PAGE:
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Looking After Your Cat’s Teeth

As well as regular fleaing and worming, ensuring your cat has a good oral hygiene routine is vital to their health and wellbeing.

Your cat’s oral health can be a good indicator to their overall health, and can be an easy way of noticing any potential health problems. That is why it is vital that you check your cat’s teeth at least once a week.

If you notice your cats’s gums are swollen, red or if you can smell an unpleasant odour coming from their mouth, then a trip to see your vet should be your first port of call. Redness and pungent smells could be a sign of tooth rot. Seeing signs of noticeable change in your cats teeth or gums is an important first indicator that your cat might be an underlying problem.

While brushing is the most effective way to help reduce plaque build up and maintain healthy teeth, actually sitting down to successfully do it is another matter. Some cats will not take kindly to a brush being inserted in to their mouths, and it could be a stressful situation for both of you.

You can buy a range of brushes, from traditional plastic ones to brushes you wear on your finger. The most common way to get your cat to adjust to having their teeth cleaned, is to put a bit of the toothpaste on your finger and let them lick it. Build up slowly, sometimes brushing one tooth at a time until they are more settled during the process.

If brushing is a struggle to begin with, you can buy different food and water supplements to help keep on top of their teeth. If you want to find out more about what is out there, you can speak to our vet who will be able to help guide you.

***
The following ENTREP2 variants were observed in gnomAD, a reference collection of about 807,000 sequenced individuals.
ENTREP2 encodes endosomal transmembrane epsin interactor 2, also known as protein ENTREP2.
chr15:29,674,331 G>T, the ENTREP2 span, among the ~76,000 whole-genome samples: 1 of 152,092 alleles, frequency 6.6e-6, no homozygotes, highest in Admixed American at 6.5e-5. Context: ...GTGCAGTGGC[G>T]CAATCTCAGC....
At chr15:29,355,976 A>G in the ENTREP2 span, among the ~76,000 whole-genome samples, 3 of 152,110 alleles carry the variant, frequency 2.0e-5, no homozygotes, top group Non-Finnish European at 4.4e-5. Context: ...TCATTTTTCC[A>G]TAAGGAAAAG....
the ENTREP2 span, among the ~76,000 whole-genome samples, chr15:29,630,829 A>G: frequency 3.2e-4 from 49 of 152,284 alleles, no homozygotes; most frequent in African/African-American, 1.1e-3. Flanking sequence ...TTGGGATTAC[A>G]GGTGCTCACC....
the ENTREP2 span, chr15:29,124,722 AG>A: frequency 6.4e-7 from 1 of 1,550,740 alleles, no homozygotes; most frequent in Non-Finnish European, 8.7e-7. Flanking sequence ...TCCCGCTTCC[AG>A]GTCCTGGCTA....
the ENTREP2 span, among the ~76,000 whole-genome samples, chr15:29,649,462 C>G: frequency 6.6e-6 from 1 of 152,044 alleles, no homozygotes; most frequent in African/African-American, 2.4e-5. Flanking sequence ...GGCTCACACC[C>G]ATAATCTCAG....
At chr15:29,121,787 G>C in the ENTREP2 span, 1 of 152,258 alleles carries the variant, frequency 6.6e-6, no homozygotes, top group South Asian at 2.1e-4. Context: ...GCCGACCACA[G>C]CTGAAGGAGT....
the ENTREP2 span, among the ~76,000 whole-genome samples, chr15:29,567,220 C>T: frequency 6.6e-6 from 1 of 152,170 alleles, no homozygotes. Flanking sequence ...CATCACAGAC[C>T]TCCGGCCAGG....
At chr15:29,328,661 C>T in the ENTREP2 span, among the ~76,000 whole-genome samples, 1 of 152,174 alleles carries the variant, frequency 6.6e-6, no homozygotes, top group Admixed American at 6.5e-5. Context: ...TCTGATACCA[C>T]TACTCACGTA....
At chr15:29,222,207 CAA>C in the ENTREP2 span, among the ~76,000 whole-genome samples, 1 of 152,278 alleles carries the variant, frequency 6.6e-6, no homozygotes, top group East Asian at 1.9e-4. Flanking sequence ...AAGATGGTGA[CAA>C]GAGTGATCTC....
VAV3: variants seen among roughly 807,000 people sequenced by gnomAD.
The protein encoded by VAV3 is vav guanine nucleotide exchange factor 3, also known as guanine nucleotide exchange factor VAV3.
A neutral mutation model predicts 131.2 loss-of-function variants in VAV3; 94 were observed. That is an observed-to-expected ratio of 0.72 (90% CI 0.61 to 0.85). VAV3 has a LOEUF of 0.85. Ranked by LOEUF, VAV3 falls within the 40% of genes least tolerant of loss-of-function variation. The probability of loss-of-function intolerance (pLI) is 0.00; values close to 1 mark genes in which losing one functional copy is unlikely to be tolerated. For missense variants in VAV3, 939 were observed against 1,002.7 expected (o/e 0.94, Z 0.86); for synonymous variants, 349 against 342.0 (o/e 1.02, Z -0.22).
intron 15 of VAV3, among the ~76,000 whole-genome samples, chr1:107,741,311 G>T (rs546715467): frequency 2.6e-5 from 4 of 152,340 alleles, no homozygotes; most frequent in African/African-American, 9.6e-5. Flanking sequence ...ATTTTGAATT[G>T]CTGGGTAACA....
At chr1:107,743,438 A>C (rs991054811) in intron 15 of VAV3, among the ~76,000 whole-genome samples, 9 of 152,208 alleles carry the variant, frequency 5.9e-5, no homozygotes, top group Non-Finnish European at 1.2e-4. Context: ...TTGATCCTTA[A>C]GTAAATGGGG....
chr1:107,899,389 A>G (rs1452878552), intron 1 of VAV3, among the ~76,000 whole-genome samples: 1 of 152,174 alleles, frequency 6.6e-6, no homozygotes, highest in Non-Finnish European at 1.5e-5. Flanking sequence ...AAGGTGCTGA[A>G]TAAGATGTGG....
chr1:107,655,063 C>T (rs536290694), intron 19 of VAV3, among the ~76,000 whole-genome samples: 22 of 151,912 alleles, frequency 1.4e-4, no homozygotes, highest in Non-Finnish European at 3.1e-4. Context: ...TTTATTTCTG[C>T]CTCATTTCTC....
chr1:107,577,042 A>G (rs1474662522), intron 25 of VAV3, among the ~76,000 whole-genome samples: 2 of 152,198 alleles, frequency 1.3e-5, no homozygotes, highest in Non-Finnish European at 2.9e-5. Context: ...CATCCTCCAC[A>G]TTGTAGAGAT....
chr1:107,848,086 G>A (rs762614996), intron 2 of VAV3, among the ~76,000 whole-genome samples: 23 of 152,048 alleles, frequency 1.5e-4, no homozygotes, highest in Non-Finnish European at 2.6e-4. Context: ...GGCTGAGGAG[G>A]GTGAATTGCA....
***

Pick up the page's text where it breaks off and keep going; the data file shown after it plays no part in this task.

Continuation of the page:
If your cat has particularly bad teeth, your vet may recommend sedation and a plaque scrape, or in extreme cases tooth removal. That’s why its so vital to keep your felines teeth in top shape.

Brushing is the best way to look after you cat’s teeth, but you can supplement it with a Prescription Diet food, specially designed to help look after their teeth.

It is always recommended that you speak to your vet before putting your cat on to a prescription diet. Once you’ve spoken to them they might recommend Hills Prescription Diet T/D feline cat food. This food is ideal to be used in the management of dental disease, gingivitis, dental plaque, stain and tartar and oral malodour. The formulation of the food and the biscuit composition work together to wipe the teeth as the cat eats, reducing stains, plaque and tartar build-up. They may also suggest Royal Canin Feline Dental cat food, which is ideal for daily oral hygiene in adult cats. This food helps to limit the development of dental plaque and tartar and helps fight bad breath.

No matter what food your vet may recommend, this will only be for use as part of their overall routine and should not be used on it’s own. Brushing is always the best, and most effective way to look after your cat’s teeth.

Remember, if you ever have any concerns about the state of your cat’s teeth, go to your vet. You cannot put a price on their health, and you want to be seeing your cat smile for many years to come.

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